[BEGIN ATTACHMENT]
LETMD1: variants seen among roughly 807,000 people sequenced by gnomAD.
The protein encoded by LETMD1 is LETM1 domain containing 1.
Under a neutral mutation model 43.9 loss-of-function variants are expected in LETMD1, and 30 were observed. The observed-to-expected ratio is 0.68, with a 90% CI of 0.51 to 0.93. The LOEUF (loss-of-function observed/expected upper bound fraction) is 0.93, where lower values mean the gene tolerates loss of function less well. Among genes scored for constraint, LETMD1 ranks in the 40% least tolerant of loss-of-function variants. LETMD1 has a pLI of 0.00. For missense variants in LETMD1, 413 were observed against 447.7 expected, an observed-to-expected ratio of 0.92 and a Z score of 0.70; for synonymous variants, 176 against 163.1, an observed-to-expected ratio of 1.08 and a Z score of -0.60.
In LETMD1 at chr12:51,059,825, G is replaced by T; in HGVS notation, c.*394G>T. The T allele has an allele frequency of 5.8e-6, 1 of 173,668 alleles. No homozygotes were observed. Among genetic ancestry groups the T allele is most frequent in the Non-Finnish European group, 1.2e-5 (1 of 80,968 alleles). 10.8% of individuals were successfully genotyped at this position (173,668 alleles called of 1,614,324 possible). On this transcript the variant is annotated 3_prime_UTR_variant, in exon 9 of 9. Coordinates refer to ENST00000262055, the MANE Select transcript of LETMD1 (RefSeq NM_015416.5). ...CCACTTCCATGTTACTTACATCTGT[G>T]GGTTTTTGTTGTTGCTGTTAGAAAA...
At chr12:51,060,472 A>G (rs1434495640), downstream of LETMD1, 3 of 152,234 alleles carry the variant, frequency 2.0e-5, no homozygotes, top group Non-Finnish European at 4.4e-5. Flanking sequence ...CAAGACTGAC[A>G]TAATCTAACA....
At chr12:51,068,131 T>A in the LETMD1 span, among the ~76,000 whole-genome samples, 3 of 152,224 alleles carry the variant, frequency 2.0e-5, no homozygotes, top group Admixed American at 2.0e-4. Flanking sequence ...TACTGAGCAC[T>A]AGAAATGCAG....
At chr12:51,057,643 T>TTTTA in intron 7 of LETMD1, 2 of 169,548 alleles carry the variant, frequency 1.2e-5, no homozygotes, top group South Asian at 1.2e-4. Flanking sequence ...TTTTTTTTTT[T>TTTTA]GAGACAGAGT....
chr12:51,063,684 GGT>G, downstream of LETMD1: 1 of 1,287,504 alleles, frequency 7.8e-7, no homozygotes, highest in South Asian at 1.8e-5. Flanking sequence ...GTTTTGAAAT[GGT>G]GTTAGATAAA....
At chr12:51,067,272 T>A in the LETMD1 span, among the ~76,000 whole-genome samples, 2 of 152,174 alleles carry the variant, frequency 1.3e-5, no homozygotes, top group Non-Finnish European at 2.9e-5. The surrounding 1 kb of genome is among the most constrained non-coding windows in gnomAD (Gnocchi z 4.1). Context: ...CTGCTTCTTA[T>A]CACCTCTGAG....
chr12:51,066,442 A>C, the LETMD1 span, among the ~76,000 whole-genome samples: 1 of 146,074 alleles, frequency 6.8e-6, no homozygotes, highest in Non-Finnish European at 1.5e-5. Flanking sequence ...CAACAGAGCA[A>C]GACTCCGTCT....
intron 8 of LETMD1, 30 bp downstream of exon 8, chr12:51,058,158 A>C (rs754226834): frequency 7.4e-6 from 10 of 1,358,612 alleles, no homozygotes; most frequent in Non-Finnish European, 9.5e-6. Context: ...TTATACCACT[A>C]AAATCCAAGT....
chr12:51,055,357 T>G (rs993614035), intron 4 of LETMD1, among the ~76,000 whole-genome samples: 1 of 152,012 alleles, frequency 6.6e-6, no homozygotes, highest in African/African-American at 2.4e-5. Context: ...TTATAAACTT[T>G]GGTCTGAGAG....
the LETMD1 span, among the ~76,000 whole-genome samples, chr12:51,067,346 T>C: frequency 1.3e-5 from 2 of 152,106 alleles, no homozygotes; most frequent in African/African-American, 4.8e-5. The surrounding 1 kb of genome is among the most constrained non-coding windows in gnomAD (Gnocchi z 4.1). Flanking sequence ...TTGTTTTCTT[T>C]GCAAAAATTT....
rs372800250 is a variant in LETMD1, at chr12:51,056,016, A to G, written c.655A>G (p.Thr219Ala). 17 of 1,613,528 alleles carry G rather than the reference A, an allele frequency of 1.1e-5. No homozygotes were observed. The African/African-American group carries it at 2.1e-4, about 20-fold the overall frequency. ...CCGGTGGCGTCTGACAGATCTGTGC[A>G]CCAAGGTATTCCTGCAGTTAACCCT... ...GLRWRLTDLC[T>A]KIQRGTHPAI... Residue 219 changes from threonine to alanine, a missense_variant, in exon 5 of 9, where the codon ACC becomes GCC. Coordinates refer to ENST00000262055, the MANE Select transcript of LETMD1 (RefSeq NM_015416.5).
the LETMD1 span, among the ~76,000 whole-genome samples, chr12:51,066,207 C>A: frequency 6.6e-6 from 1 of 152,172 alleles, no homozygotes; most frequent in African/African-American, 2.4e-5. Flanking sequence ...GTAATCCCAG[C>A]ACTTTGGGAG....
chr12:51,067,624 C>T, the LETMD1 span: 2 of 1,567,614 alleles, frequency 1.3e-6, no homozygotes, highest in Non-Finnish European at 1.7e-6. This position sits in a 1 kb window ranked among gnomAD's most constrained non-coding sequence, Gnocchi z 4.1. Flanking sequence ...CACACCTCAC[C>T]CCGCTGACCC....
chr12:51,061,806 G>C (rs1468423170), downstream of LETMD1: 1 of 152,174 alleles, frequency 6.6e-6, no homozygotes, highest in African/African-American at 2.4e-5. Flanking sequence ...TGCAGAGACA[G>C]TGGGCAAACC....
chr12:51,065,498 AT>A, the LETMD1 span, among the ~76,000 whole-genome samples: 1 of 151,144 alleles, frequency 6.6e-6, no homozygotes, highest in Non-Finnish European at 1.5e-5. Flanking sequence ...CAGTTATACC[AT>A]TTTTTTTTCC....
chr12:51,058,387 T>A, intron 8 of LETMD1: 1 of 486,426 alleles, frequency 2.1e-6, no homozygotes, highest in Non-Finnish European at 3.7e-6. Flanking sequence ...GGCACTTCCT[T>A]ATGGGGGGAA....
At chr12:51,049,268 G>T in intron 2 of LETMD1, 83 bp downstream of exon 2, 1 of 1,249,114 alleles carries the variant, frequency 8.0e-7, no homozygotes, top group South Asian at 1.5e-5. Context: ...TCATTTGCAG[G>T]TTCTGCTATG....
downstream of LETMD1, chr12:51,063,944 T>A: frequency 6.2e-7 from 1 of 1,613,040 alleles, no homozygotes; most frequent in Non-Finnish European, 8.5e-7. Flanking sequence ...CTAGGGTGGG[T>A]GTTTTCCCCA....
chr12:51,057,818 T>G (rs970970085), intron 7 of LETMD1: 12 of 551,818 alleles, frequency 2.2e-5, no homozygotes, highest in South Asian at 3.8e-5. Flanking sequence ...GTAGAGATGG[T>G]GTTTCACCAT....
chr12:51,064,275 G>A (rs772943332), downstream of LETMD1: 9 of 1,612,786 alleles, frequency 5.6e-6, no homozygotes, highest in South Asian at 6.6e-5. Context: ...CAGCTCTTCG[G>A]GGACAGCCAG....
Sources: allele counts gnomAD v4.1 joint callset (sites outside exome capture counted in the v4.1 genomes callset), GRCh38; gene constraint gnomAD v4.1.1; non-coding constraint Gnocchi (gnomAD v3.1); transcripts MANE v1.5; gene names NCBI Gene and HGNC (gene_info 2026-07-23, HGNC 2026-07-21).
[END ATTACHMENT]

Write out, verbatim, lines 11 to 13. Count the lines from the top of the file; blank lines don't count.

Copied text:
intron 8 of LETMD1, 30 bp downstream of exon 8, chr12:51,058,158 A>C (rs754226834): frequency 7.4e-6 from 10 of 1,358,612 alleles, no homozygotes; most frequent in Non-Finnish European, 9.5e-6. Context: ...TTATACCACT[A>C]AAATCCAAGT....
chr12:51,055,357 T>G (rs993614035), intron 4 of LETMD1, among the ~76,000 whole-genome samples: 1 of 152,012 alleles, frequency 6.6e-6, no homozygotes, highest in African/African-American at 2.4e-5. Context: ...TTATAAACTT[T>G]GGTCTGAGAG....
the LETMD1 span, among the ~76,000 whole-genome samples, chr12:51,067,346 T>C: frequency 1.3e-5 from 2 of 152,106 alleles, no homozygotes; most frequent in African/African-American, 4.8e-5. The surrounding 1 kb of genome is among the most constrained non-coding windows in gnomAD (Gnocchi z 4.1). Flanking sequence ...TTGTTTTCTT[T>C]GCAAAAATTT....